Research laboratories are constantly developing new microscopes that are are complex systems that rely on the tight integration between many components. Instead of focusing on the microscopy, these teams spend substantial time and effort in software development to control their new microscopes. Such software is limited to the specific microscope setup and components and becomes unshareable, difficult to maintain, or incur ongoing licensing costs. A huge amount of time, effort, and resources is wasted as scientists in different labs, and even in the same lab, repeatably implement solutions to the same problems.

Project aims

  • Community targeted. We want to use this ourselves but we could write something simpler if it was only for use by ourselves. We want other people building or using microscopes to be able to use it and contribute back. This means we should consider use cases other than our own on design choices.
  • Free (libre) software. Even though we consider other use cases when designing it we will still be resources limited on what we can implement. The users should be able to help themselves and contribute the fixes back to everyone else.
  • Ease of use. Microscopes are built by physicists and biologists. They are the main target for Microscope, not software engineers. They should be able to use and install it without much trouble.


Why not using µManager

µManager is an existing open source software for the control of microscopes. It is written in Java and based on top of ImageJ, an open source image analysis program. However, µManager design has issues when controlling more complex microscopes where devices are spread over multiple computers, with multiple cameras, and devices are synchronised with TTL signals. In addition, while Java makes it easier to access ImageJ it makes more difficult to use the whole of numpy and scipy.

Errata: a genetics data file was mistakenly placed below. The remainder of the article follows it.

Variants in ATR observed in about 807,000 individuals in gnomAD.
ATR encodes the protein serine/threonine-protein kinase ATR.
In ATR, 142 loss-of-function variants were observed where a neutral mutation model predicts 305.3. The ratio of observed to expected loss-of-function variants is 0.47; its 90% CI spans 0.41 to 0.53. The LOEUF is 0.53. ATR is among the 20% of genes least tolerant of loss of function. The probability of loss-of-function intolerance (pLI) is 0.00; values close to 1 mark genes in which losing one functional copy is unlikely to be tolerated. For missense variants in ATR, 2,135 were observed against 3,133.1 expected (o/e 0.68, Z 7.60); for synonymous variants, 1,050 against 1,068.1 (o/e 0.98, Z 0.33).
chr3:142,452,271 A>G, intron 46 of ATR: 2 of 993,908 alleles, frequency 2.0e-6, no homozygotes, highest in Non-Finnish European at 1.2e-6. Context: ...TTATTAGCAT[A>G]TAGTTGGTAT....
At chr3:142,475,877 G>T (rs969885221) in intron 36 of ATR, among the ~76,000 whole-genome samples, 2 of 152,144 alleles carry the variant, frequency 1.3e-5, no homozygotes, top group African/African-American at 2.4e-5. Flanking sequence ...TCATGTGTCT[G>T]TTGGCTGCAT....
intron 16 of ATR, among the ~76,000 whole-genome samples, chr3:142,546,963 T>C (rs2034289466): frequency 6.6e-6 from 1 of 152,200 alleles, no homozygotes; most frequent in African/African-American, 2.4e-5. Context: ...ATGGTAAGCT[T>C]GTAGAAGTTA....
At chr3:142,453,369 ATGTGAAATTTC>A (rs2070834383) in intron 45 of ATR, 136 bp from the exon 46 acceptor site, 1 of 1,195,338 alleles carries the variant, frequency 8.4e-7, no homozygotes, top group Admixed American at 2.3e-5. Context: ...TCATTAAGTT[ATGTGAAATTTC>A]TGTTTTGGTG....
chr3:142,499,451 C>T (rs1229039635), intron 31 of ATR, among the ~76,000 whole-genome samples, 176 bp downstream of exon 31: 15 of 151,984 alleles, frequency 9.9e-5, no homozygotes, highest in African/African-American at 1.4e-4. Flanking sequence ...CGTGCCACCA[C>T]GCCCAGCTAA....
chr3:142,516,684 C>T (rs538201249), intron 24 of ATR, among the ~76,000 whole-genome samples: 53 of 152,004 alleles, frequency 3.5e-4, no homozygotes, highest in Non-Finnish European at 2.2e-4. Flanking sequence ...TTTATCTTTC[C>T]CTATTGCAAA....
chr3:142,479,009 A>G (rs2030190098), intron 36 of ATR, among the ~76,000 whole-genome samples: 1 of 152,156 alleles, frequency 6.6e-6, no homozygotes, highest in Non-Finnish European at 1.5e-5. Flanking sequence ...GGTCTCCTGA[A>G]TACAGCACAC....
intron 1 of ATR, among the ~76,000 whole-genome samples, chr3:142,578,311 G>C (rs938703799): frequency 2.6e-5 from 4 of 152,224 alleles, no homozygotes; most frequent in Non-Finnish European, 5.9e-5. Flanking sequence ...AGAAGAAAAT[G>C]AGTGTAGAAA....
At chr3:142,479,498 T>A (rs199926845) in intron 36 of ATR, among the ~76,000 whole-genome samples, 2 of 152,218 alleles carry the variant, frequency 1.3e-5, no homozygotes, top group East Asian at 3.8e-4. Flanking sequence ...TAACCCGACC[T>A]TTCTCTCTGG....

Python has multiple features:

  1. it is widely used in the scientific community. This increases the odds that users of Microscope will be capable to participate in its development.
  2. unlike other widespread languages in the scientific community, it is a general purpose programming language and not mainly for numerical or symbolic computation.
  3. while Python is not firstly a language for numerical computations, numpy and scipy are the basis for this. Most algorithms for image analysis are available in Python.

Use cases

Microscope GUI

This provides the device and experiment interface that a GUI microscope interface would need to be viable.

Devices on local machine

The simplest typical microscope. All devices are controlled from a single computer, the same computer where the user is. The synchronisation between devices is all done in software.

Devices over multiple computers in local network

The user is in one computer but the devices are actually connected to multiple other computers. This may be for performance but also because different microscope devices may require different incompatible OS.

Synchronisation of devices during an experiment will likely be performed by a separate device with high time precision based on a table of events.

Controlling an independent device

There is no actual a microscope, only experiment with a single device. For example, just testing of a camera or deformable mirror. This device may be in a local or a remote machine.

Programmed image acquisition based on image analysis

Automated image analysis can make decisions during image acquisition. For example, scanning slides for specific features; tracking of moving particles; and automatically changing imaging parameters over time.

Multiple microscopes controlled by one central server

If image acquisition is automated, a single system can automatically control multiple microscopes without user interaction.


We have to deal with the reality which is less perfect and puts limits on our implementation and design of Microscope.

State machine

Devices do not report back their state which prevents from modelling Microscope as a state machine. For example, users will change objectives or move the stage.


Development of Python Microscope started at Oxford Micron Bioimaging Unit to provide remote control of microscope devices independent of hardware specifics. Locally, development was guided to support development of a new version of cockpit, a graphical user interface for the control of microscopes.